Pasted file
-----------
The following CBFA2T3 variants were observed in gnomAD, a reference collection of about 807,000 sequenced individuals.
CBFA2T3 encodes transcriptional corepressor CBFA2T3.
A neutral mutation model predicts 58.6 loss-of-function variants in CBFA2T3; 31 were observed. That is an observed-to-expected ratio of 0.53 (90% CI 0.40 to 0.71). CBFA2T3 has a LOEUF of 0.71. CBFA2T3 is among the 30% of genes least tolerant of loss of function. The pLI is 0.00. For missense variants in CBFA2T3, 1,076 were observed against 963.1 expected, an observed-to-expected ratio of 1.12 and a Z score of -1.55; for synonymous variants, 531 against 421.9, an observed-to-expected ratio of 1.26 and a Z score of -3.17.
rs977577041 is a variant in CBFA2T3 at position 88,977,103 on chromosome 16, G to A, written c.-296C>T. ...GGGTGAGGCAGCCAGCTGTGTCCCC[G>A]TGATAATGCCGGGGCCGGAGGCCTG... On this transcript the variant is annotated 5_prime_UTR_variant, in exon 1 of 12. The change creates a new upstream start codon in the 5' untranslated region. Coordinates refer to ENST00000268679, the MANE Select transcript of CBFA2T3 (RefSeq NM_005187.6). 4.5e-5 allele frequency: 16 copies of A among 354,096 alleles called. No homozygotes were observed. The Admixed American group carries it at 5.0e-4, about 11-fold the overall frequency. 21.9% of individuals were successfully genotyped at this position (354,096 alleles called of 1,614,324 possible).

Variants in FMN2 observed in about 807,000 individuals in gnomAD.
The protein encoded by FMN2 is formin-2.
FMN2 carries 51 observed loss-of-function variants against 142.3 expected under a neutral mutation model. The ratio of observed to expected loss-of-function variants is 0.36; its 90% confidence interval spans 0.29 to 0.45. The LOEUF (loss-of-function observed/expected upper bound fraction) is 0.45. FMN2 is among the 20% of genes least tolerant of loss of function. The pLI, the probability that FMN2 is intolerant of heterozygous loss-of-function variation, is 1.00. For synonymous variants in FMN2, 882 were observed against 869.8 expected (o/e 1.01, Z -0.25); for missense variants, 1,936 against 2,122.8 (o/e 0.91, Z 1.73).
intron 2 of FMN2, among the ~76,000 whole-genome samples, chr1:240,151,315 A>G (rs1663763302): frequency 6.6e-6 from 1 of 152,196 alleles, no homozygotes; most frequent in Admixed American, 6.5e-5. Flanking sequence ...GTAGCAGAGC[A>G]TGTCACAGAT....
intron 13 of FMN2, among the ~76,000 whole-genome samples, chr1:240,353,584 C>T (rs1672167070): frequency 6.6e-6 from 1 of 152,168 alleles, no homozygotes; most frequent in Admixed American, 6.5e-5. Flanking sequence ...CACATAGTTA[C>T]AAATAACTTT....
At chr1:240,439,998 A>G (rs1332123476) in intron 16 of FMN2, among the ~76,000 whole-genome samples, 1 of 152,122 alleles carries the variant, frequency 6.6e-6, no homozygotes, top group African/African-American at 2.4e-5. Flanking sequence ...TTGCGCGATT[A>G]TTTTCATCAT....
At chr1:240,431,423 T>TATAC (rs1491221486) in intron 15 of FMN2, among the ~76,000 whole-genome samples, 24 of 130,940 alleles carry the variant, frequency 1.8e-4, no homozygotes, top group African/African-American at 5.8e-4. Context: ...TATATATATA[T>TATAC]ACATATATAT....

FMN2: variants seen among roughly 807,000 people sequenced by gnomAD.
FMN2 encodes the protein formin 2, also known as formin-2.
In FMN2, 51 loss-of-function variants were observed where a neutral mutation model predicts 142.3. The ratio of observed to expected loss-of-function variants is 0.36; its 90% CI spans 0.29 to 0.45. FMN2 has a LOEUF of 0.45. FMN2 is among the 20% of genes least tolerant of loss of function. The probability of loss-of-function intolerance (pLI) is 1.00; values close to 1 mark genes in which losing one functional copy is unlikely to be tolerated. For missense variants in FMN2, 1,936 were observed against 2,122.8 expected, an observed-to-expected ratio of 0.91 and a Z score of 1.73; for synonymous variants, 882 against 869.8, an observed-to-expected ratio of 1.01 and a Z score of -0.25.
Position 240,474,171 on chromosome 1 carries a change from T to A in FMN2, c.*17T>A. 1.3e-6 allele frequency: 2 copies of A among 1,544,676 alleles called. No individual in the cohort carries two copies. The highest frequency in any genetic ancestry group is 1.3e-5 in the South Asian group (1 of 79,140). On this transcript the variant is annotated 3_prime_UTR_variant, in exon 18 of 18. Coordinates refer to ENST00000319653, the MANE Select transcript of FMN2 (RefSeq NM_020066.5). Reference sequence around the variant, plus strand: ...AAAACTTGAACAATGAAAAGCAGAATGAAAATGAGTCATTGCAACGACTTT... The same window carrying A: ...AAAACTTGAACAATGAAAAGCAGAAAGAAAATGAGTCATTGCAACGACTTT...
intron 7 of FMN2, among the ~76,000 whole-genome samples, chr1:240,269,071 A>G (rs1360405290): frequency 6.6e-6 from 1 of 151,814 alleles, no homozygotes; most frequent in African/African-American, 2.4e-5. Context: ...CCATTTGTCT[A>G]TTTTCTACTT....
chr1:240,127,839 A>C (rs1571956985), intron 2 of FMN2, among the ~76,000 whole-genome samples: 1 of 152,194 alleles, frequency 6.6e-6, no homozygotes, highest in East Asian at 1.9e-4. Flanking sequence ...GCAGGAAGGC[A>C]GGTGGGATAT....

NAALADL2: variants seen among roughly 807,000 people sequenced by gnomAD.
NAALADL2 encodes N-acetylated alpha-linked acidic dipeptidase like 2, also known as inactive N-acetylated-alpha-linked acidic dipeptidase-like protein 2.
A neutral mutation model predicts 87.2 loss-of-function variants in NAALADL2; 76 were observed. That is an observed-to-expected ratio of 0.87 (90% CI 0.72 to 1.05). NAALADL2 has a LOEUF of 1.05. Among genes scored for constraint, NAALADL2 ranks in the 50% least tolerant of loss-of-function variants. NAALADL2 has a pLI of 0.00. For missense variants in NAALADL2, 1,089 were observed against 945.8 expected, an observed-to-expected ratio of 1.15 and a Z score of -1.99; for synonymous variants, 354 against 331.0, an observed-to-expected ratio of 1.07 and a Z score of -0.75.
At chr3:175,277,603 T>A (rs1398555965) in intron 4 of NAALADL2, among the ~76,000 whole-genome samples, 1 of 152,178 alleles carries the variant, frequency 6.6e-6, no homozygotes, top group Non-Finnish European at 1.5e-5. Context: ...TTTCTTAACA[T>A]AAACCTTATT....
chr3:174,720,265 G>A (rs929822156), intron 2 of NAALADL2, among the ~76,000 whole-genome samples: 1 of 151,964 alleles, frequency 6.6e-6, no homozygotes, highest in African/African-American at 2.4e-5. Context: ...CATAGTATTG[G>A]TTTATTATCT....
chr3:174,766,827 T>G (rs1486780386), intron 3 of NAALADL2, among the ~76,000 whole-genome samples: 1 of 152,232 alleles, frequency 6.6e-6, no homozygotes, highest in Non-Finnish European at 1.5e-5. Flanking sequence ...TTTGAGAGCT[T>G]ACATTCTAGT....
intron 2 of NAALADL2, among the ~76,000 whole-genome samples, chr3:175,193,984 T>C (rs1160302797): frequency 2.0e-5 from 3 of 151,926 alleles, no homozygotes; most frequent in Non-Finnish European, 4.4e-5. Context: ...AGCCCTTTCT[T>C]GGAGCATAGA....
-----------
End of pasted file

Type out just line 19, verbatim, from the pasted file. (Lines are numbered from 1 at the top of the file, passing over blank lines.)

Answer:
NAALADL2 encodes N-acetylated alpha-linked acidic dipeptidase like 2, also known as inactive N-acetylated-alpha-linked acidic dipeptidase-like protein 2.